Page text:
Good government needs scrutiny and challenge
In future, parents will be better able to find out how schools apply their admissions policies. Patients will be able to understand how hospitals allocate resources between different treatments, and how they prioritise waiting lists. And citizens will be able to find out more about the actions of their local police force. It's at this local level that constitutional reform matters. We are modernising our constitution to meet the needs of modern Britain - just as we promised in our manifesto.
Freedom of Information is a key part of this Government's drive to create a modern and fairer country. We have created a Scottish Parliament and a National Assembly for Wales, and are working hard to establish the Assembly in Northern Ireland. An elected authority is being restored for London, with an elected Mayor for the capital. It's curious that this Government is always caricatured as wanting to control everything centrally while the facts show we have done more than any previous administration to devolve and share power.
Good government depends upon external scrutiny and challenge. A government that talks only to itself risks losing touch with the people in whose name it makes decisions, as the last government found out. This government is already the most open in the UK's history. In the Home Office, for example, we have published our guidance to immigration caseworkers and taken the politics out of the publication of recorded crime statistics.
The Bill imposes a legal duty on public bodies to adopt and maintain a scheme for publication of information. I believe it has the power to transform radically the relationship between government and citizens.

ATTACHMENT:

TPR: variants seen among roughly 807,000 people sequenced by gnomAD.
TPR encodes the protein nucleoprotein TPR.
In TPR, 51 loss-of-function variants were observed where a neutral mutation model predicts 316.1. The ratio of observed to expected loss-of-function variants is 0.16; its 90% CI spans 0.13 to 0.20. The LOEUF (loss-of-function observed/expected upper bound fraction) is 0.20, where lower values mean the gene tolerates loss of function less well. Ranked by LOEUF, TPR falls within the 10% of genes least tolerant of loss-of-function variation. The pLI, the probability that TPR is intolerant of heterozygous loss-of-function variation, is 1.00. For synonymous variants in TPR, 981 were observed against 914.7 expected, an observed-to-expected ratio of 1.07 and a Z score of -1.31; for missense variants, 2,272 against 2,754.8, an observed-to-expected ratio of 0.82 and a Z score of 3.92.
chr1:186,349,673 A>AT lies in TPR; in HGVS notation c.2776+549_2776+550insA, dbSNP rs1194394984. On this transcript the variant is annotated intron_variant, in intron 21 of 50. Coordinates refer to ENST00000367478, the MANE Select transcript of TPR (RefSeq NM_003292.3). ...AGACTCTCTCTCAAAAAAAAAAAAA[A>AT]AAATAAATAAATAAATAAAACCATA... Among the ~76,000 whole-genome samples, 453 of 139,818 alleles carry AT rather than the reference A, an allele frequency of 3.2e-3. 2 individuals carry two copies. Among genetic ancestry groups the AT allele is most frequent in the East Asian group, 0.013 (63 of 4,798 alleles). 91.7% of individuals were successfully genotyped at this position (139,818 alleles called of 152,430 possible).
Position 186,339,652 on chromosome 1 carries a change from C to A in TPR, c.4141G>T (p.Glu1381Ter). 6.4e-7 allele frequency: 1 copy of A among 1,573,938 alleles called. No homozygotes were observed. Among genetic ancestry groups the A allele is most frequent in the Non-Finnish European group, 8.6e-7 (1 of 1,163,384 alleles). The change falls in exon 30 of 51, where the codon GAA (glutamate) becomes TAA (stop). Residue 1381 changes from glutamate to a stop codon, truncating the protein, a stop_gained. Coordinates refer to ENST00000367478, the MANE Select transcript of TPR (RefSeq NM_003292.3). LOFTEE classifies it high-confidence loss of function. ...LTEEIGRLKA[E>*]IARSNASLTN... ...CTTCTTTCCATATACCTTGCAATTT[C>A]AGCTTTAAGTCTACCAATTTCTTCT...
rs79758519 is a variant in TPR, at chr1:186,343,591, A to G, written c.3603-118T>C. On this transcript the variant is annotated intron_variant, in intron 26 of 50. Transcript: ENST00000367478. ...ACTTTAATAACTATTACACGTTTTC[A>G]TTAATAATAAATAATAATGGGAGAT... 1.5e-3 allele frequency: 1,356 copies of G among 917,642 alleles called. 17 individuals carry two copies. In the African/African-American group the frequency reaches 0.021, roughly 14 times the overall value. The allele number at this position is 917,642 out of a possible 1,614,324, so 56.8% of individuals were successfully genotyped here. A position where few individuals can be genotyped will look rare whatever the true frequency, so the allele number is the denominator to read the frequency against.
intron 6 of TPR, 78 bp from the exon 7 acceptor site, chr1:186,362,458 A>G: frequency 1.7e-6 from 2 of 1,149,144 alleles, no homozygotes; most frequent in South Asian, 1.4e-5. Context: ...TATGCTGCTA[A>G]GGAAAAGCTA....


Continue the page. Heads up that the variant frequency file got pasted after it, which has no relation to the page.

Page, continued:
There are, of course, areas that must be protected. They include material on national security, law enforcement and personal privacy. And government itself needs some protection for its internal deliberations. If government is to work effectively, then there must be the chance for robust policy discussions to take place in private.
And it is worth bearing in mind that most policy deliberations are focused on one end - on proposals that are published. What is important is that as much information as possible is made public, consistent with the needs of good government and collective responsibility.
On the substantial harm test included in the White Paper, we have decided that a single omnibus test could not work properly for the range of exemptions proposed. What is "substantial" in relation to law enforcement may not be in the case of international relations.
After careful consideration, we have replaced this single test with proposals that are workable and will achieve the same purpose in a more straightforward way. Where national security is an issue, for example, the test proposed is whether the exemption is required for the purpose of safeguarding that national security. Where the health and safety of an individual is concerned, the test proposed is whether disclosure would, or would be likely, to endanger the physical, mental health or safety of an individual.
So the draft Bill strikes a balance between extending the right of access to official information, preserving confidentiality and safeguarding personal privacy. But the scales are weighed decisively in favour of openness.